Integrating the iPad into our classrooms here at Zeeland East High School has not only challenged me and my colleagues to rethink just about everything, but it has also prompted our students to move beyond the old way of doing things.
Rather than standing tethered to our desktop computers to take attendance or to click through a presentation, the iPad has allowed us to move about the room while accomplishing the same tasks. With the Splashtop Whiteboard app on our iPad, and the Splashtop Streamer installed on our desktop system, we can actually take attendance while out amidst our students. Likewise, old PowerPoint presentations can now be run using this application without needing to click keys or wrangle a mouse on our desk. Even better, this same app allows for annotating, drawing, and highlighting right over the content we’re projecting onto the screen in the front of our classroom. The result? More engaging presentations AND the freedom to roam about the room – an essential freedom, especially when working with a group in need of extra classroom management. And it’s this same freedom to work remotely that I was surprised to discover some of my students engaging in just recently.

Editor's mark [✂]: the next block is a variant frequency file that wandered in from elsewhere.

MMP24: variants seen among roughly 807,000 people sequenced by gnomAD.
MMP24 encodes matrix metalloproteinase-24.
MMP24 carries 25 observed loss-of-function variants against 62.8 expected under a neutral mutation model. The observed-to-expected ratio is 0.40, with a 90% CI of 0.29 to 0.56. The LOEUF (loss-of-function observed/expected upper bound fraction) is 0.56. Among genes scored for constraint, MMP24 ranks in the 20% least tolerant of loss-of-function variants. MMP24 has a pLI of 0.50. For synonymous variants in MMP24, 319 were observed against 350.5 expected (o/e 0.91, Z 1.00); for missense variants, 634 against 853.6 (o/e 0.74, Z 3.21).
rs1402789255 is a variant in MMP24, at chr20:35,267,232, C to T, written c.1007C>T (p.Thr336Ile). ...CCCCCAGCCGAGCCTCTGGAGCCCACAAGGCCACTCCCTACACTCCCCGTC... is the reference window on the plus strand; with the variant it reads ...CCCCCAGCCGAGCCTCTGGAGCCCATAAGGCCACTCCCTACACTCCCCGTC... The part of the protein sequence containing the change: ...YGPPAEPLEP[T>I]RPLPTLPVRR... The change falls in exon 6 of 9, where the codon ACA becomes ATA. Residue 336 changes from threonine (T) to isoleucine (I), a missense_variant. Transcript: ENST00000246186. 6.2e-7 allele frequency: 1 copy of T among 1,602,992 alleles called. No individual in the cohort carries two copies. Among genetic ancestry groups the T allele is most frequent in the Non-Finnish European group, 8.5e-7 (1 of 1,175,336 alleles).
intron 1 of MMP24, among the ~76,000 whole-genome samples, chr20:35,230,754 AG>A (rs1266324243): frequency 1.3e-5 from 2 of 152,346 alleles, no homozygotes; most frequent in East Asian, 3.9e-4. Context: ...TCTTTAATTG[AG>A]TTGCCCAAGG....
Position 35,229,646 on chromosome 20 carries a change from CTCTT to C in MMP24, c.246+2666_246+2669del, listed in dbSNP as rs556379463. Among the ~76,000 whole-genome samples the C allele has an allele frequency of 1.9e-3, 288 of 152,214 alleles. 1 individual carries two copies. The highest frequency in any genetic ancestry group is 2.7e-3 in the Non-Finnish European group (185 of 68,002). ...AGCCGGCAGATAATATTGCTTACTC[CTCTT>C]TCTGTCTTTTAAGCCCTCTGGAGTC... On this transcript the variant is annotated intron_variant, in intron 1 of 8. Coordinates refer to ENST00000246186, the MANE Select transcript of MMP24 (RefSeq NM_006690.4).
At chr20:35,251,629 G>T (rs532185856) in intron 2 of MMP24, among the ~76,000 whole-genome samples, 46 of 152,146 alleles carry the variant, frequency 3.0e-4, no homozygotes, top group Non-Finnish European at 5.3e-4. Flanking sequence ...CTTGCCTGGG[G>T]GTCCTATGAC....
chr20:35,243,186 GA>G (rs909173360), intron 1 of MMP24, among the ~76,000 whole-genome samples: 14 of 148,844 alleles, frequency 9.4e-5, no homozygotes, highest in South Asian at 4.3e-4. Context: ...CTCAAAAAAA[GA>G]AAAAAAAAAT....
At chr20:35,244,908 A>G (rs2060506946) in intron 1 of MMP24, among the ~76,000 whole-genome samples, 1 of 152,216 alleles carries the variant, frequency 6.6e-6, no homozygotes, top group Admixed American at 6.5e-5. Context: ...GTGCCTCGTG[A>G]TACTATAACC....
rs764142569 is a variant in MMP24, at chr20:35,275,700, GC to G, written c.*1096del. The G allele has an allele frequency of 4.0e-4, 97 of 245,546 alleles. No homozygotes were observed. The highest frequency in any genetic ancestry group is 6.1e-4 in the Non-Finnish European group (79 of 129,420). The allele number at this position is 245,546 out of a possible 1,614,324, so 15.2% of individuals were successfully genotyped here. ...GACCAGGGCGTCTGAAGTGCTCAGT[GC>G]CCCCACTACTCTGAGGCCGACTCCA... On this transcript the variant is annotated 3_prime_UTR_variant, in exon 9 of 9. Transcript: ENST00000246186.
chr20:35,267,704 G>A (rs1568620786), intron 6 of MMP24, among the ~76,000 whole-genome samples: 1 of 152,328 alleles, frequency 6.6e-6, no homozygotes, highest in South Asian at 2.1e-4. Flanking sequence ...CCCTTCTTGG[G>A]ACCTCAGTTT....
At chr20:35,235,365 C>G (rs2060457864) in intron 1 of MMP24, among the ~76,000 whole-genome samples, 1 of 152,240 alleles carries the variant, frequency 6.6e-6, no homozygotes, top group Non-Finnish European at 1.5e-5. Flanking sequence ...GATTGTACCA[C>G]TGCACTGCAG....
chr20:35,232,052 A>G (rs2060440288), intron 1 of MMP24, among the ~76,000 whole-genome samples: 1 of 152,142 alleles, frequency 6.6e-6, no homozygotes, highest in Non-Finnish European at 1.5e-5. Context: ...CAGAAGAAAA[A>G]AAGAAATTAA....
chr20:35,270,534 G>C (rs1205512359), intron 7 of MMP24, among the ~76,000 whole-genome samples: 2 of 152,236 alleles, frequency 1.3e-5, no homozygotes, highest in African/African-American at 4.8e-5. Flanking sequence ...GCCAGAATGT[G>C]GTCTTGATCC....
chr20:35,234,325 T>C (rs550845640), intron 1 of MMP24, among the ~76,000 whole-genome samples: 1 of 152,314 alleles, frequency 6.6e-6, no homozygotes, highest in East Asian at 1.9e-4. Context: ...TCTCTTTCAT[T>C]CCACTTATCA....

Nearing the end of our culminating project in one of my 10th Grade English classes, some groups were still scrambling to get their work off of the ground, others were putting the finishing touches on their collaborative efforts, and a few were stymied by some of their teammates being absent. However, there was one particular group that surprised me with their creative solution they found for the absence of one member on their team: the Skype app. I had just finished meeting with one of the teams to check their progress, so I proceeded to check my email, only to find that the absent student had emailed me to see what he was missing in class today. Before I replied to his request, I walked around the doorway to check on his group, only to find their team leader sitting with her iPad propped up next to her with that same student’s face filling her screen. As I approached her, the absent student shouted, “Hey, Mr. Jacob! Did you get my email?” I was stunned. When I asked his teammates what they were doing, they told me that they were Skyping him so they could continue working on their project without having to wait for him to return with the information they needed. What an awesome moment that was! There that student was, sitting up in his sickbed, collaborating with his team so they wouldn’t fall behind on their work. It was quite a moment for me.
No excuses for not having their work ready on time. No excuses that they didn’t know how to reach their teammate. These sophomores did some critical thinking, planned ahead, and made things happen in a way that we couldn’t have imagined happening prior to the arrival of the iPads. This was truly a moment of discovering that, through a little bit of technology, and a little bit of creative problem solving, students can empower themselves to be better collaborative learners. And we as teachers can see how leaving our desk behind is almost as good as students discovering how to leave the classroom behind to reach out to their peers.